Friday Food Talk: Why Is Pink Slime Still On The Menu At School?

Update:  This morning (Saturday) on Up! w/Chris Hayes they showed the Branstad video where he defends pink slime.  According to Branstad, it is the tone of the conversation that is poisoning us, not the slime.  Branstad’s speech at ISU was earlier this week.  Watch:

Action Alert from Food Democracy Now!

[Tuesday,] Governor Terry Branstad and Representative Steve King, along with various proponents of the industrialized ag model, have come to the defense of pink slime. That’s right, that goo-like substance that the Industrial Meat Factories (and now politicians) deceptively call “lean, finely textured beef” or “LFTB”, a ground beef filler treated with a blast of ammonia, is being defended and debated at Iowa State University as we write.

Colorado rancher, Mike Callicrate, traveled to ISU to set the record straight: “This is industrial ag versus family agriculture. We’re here to stand up for America’s family farmers and America’s consumers.”

In case you haven’t heard of Pink Slime, it’s that mysterious meat by-product that appears in 70% of hamburgers sold in the U.S. [1] Recently, a number of USDA scientists turned whistleblowers and some media attention have turned the entire meat industry (and Iowa politics) upside down by exposing the fact that the vast majority of ground beef contains this mysterious substance – and is found in our children’s school lunches.

Click here to tell Secretary Vilsack  –  No pink slime in school lunches!

The USDA, which planned to purchase 7 million pounds of pink slime for school lunches, announced that it would allow public schools to opt out of buying meat containing Pink Slime. [2] This, however, does not give parents and children the opportunity to opt out of eating it at school if the school chooses to buy it.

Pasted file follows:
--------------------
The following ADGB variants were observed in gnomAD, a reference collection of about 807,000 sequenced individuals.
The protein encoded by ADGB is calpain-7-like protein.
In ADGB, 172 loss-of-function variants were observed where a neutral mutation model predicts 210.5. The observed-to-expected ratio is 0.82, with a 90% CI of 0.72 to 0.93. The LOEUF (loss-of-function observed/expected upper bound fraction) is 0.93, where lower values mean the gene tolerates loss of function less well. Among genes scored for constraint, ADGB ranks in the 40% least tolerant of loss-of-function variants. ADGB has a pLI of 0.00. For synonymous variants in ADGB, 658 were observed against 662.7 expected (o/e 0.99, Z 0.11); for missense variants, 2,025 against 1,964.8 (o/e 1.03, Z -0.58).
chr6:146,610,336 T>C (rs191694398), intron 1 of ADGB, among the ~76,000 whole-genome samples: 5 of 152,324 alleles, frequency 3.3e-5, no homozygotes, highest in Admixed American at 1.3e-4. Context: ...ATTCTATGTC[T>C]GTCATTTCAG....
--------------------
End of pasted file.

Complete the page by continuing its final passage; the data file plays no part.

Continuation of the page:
Enough is enough! Pink Slime has no business being fed to our children in America’s school lunches. Politicians have claimed that this is a “safe, wholesome, food product” and “consumers can rely” on it. Consumers have said, “No!” and it’s time our representatives listen to the people and get the slime out of our food and our children’s food.

Click here to tell Ag. Secretary Vilsack to immediately ban the purchase of meat containing Pink Slime for America’s National School Lunch Program.



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1 Response to Friday Food Talk: Why Is Pink Slime Still On The Menu At School?

  1. Seventy percent of US hamburger contains up to 25% per pound of “pink slime” which consists of the slaughterhouse floor wastes treated with ammonium hydroxide to kill E. coli and Salmonella bacteria.

    The problem is, ammonium hydroxide does NOT inactivate mad cow prions which may be part of the ankle-deep muck of blood, fats, tissue and scraps on the floor:

    Slaughterhouses are required to remove “SRM” – specified risk materials- the parts of a cow with the highest concentrations of prions. SRM include the skull, brain,ganglia, eyes, tonsils, spinal cord and small intestine. Power tools, including chain saws, are used to cut up the carcasses.. It is unavoidable that potentially prion infected wastes from high risk tissues end up on the blood-soaked slaughterhouse floors – to be incorporated into the pink slime. See pink slime video

    Alzheimer’s is a prion disease – 6 million US victims Dr. Claudio Soto, Univ/Texas . and .

    Pink slime is a likely pathway to deliver infectious prions to an unsuspecting public from huge vats of commercially processed hamburger, including to school children at risk for autism which has reached epidemic proportions.. The Prion Institute in Alberta, Canada, is researching Autism as a prion disease

    The USDA provides 7 milllion pounds of pink slime hamburger for US school lunches annually.

    Helane Shields, Alton, NH


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